America Gets It in the End, Again
This has a sadly familiar feel for conservatives, who’ve again and again been vexed by a president mislabeled as one of us:
Last week’s deal was supposed to hold both the managers’ and unions’ feet to the fire. In handing out the taxpayer money, the White House insisted the auto union cut worker pay roughly to the levels of their successful competitors, Toyota, Honda and Nissan.
For $17 billion in emergency bailout cash and possibly much more later, it was a reasonable request. As President Bush said, “The time to make the hard decisions to become viable is now — or the only option will be bankruptcy.” He added that a deadline of March 31 for the industry to prove its “viability” and other limits “send a clear signal to everyone involved.”
Well, if so, the United Auto Workers didn’t get it.
Just days before Christmas, the UAW let it be known it’ll fight any concessions on wages and benefits. “An undue tax on the workers” is how union boss Ron Gettelfinger described it as the UAW reneged on the deal almost before the ink was dry.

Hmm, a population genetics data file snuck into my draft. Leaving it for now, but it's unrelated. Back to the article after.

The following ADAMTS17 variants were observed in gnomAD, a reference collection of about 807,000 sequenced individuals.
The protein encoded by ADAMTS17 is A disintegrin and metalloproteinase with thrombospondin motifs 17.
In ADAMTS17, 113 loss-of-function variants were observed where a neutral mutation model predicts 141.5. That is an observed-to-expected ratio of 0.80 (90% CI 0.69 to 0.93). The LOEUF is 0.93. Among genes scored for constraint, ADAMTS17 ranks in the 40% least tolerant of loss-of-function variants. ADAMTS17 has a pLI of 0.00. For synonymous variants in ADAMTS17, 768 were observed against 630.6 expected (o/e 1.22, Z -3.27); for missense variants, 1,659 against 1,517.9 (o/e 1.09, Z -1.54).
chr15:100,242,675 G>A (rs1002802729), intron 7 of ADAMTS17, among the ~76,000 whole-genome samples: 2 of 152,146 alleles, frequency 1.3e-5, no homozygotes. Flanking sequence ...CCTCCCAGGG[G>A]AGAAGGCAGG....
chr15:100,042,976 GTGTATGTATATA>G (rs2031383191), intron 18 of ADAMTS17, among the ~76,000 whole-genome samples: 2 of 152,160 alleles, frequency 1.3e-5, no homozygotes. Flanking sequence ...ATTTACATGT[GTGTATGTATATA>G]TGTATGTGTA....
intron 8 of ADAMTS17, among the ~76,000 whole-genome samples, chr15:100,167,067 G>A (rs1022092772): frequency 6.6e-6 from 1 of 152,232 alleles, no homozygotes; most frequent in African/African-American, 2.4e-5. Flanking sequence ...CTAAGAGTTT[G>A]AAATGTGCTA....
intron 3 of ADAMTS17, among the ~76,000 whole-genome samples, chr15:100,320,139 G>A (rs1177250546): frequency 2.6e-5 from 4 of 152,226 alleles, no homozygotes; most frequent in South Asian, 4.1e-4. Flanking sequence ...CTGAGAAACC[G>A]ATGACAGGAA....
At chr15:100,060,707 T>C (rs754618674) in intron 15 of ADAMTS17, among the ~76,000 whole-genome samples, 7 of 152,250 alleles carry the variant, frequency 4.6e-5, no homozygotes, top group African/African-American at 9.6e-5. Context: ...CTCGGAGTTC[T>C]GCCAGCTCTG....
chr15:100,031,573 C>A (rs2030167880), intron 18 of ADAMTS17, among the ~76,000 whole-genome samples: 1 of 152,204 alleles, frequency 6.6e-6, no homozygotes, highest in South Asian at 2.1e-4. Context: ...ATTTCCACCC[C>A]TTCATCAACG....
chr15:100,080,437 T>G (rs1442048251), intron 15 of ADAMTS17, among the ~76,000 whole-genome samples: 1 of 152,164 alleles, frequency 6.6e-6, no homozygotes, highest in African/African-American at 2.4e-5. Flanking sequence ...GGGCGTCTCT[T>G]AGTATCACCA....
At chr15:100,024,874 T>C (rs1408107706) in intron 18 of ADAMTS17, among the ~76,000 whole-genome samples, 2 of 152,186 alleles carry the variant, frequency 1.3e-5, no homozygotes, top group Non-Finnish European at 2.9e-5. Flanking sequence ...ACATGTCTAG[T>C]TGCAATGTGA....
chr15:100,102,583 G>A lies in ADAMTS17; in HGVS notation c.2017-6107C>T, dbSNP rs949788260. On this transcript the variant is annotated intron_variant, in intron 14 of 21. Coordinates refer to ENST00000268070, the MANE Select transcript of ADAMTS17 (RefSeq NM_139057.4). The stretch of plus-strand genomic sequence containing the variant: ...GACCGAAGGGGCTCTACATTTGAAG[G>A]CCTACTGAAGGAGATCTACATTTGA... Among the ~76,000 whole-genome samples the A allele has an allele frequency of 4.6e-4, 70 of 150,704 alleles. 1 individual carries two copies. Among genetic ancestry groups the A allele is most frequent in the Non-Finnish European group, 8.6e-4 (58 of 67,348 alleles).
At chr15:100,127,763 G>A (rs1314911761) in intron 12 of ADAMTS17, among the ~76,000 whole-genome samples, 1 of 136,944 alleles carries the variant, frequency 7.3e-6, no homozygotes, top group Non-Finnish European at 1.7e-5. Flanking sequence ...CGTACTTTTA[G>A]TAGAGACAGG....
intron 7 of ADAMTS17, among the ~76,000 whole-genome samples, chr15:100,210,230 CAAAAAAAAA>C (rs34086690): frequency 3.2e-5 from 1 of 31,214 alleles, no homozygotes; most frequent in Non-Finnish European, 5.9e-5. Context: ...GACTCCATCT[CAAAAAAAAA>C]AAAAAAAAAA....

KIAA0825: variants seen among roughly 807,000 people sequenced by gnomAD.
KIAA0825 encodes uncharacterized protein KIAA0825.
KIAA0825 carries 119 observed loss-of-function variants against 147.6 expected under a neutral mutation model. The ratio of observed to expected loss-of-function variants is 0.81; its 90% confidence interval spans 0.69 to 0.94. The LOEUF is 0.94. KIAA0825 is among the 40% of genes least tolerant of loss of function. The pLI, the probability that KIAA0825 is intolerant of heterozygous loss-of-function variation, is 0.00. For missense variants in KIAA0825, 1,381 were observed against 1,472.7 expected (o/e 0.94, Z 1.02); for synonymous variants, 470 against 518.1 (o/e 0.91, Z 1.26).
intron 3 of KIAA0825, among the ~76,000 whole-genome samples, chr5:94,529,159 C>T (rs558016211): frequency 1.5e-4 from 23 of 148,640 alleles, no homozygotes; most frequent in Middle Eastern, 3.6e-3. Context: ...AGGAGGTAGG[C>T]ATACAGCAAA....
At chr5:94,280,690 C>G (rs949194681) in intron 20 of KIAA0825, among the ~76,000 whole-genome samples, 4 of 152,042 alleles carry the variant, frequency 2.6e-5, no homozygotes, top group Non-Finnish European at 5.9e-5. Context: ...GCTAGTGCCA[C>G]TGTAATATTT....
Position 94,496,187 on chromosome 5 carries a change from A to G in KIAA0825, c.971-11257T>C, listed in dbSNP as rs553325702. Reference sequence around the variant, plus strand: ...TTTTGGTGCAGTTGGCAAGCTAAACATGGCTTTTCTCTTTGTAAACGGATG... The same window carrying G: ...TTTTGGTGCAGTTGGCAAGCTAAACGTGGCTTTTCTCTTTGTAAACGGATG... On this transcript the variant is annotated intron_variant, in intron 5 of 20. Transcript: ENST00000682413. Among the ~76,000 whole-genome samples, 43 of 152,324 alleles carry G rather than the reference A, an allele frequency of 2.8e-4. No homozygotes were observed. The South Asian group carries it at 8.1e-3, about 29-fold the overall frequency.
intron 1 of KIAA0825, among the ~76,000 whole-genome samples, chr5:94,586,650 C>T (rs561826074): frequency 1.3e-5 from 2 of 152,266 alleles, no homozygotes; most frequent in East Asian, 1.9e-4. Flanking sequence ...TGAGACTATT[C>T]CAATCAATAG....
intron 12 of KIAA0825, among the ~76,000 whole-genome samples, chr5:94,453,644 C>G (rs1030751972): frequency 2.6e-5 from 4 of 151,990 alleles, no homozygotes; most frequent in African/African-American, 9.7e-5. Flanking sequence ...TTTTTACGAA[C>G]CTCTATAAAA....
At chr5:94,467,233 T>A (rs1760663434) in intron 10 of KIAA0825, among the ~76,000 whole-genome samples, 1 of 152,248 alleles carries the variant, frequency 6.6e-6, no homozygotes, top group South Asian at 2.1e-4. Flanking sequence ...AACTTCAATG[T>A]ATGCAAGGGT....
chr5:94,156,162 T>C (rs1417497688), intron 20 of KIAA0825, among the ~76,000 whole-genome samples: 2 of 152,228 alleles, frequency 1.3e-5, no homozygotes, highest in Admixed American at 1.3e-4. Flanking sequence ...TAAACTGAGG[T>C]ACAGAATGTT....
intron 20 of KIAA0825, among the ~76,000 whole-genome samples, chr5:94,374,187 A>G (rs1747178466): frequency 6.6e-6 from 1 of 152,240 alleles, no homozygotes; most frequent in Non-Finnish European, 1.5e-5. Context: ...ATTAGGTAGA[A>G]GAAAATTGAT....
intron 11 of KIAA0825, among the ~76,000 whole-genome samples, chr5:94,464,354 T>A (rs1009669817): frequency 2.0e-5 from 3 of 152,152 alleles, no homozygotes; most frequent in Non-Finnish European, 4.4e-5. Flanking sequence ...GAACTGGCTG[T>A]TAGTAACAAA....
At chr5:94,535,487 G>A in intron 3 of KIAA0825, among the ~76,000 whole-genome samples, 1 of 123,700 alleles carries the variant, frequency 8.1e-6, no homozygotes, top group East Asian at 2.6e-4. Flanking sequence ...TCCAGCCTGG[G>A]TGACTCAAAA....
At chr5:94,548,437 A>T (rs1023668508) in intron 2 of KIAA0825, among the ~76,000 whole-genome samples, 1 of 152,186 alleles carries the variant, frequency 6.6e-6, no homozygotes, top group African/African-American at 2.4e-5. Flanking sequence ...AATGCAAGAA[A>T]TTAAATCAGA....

This will go down as one of the most cynical acts of political manipulation ever. The UAW agreed to one thing with President Bush, knowing full well President-elect Barack Obama and congressional Democrats were big recipients of union largesse and would let them slide. They read the situation correctly.
Democratic Rep. Barney Frank this week called union concessions an “unfair assault on working men and women” — a not-accidental echo of Gettelfinger’s comments.
Something tells me that the sinking feeling of America’s being had will only worsen over the next four years, and Chrysler’s use of our own money to pay for a $100,000 ad to thank us for allowing our representatives to fleece us is probably not the greatest insult we’ll see during that time.